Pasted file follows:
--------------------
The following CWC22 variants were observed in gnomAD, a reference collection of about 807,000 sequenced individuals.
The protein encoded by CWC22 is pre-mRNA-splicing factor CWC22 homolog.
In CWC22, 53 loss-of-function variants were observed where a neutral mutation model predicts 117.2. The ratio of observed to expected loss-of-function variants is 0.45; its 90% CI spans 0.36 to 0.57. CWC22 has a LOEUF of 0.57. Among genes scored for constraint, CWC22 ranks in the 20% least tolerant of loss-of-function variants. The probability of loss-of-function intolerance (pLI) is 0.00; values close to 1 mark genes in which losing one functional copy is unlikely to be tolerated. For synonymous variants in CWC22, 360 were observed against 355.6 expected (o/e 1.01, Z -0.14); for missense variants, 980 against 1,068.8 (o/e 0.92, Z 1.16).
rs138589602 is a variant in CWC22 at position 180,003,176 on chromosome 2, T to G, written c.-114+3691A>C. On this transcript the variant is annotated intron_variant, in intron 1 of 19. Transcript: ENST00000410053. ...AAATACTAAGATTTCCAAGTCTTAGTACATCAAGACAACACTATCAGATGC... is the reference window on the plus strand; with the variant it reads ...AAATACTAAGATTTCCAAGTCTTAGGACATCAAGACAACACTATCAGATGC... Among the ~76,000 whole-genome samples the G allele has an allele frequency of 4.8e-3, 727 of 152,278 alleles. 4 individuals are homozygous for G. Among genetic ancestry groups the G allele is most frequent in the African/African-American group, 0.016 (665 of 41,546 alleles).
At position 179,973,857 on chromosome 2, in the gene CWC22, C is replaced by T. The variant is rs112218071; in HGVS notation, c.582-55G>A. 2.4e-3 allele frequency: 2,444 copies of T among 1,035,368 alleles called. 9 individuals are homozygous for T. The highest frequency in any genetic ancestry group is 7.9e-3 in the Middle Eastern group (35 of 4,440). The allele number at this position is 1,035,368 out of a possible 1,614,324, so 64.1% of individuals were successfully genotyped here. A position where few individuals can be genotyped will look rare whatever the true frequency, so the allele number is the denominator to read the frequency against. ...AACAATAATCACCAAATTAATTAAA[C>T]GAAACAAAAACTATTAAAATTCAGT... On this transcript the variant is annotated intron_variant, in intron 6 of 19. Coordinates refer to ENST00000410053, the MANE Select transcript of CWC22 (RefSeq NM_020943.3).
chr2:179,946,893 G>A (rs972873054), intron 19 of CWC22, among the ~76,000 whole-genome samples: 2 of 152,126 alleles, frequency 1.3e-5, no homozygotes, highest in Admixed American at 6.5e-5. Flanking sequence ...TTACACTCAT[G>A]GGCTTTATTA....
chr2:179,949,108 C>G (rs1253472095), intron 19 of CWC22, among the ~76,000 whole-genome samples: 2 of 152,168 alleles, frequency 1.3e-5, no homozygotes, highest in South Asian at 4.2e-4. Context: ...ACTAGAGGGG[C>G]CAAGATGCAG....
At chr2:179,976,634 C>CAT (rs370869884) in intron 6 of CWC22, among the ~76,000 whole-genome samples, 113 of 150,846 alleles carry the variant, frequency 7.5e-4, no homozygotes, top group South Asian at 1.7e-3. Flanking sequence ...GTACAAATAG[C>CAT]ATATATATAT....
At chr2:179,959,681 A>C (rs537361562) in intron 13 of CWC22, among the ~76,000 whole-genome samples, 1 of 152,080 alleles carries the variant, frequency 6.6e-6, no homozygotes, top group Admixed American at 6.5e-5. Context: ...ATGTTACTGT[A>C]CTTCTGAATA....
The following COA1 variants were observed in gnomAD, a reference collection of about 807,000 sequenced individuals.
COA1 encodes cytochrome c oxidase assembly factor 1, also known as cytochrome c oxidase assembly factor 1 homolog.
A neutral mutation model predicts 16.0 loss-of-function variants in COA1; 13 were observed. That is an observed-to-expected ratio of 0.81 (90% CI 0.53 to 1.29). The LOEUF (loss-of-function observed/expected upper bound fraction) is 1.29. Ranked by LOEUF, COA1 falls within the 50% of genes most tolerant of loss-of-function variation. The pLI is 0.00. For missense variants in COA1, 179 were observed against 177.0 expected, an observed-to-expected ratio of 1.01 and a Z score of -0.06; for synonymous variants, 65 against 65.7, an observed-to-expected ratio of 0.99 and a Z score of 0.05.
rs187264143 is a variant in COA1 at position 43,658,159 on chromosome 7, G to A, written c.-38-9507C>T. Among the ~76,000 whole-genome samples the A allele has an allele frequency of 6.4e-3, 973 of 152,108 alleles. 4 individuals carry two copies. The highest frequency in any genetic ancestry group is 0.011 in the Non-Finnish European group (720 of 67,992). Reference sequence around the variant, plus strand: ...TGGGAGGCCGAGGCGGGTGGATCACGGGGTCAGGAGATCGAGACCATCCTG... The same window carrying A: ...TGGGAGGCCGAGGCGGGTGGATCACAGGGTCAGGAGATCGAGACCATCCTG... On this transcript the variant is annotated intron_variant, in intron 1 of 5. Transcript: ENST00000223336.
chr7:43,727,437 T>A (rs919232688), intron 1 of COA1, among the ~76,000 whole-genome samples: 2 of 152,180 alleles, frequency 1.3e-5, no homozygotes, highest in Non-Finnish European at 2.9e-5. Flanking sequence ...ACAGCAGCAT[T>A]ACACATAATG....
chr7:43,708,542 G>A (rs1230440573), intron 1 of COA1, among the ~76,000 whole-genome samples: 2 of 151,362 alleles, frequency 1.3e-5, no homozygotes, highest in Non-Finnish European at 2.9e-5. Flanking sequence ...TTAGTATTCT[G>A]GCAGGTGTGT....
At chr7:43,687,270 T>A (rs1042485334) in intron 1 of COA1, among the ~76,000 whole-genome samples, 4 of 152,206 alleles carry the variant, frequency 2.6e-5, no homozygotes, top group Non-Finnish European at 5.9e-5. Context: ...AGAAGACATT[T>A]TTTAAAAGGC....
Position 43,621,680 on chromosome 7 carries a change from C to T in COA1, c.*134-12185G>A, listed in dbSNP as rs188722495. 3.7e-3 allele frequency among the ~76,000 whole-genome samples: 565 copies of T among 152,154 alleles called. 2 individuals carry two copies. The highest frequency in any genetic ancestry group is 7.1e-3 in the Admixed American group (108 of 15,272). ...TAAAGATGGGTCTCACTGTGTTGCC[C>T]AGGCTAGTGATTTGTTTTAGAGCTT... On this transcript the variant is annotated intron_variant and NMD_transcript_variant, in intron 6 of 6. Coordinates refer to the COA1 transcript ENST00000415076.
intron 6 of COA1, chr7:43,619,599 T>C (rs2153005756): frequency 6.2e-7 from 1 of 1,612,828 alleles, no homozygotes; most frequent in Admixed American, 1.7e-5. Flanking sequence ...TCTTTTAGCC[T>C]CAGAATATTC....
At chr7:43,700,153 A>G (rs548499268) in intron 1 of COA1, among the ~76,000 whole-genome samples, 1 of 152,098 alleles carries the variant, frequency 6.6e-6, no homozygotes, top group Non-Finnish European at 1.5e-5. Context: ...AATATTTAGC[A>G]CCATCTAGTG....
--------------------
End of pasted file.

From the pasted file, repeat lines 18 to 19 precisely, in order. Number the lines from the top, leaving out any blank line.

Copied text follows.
intron 6 of COA1, chr7:43,619,599 T>C (rs2153005756): frequency 6.2e-7 from 1 of 1,612,828 alleles, no homozygotes; most frequent in Admixed American, 1.7e-5. Flanking sequence ...TCTTTTAGCC[T>C]CAGAATATTC....
At chr7:43,700,153 A>G (rs548499268) in intron 1 of COA1, among the ~76,000 whole-genome samples, 1 of 152,098 alleles carries the variant, frequency 6.6e-6, no homozygotes, top group Non-Finnish European at 1.5e-5. Context: ...AATATTTAGC[A>G]CCATCTAGTG....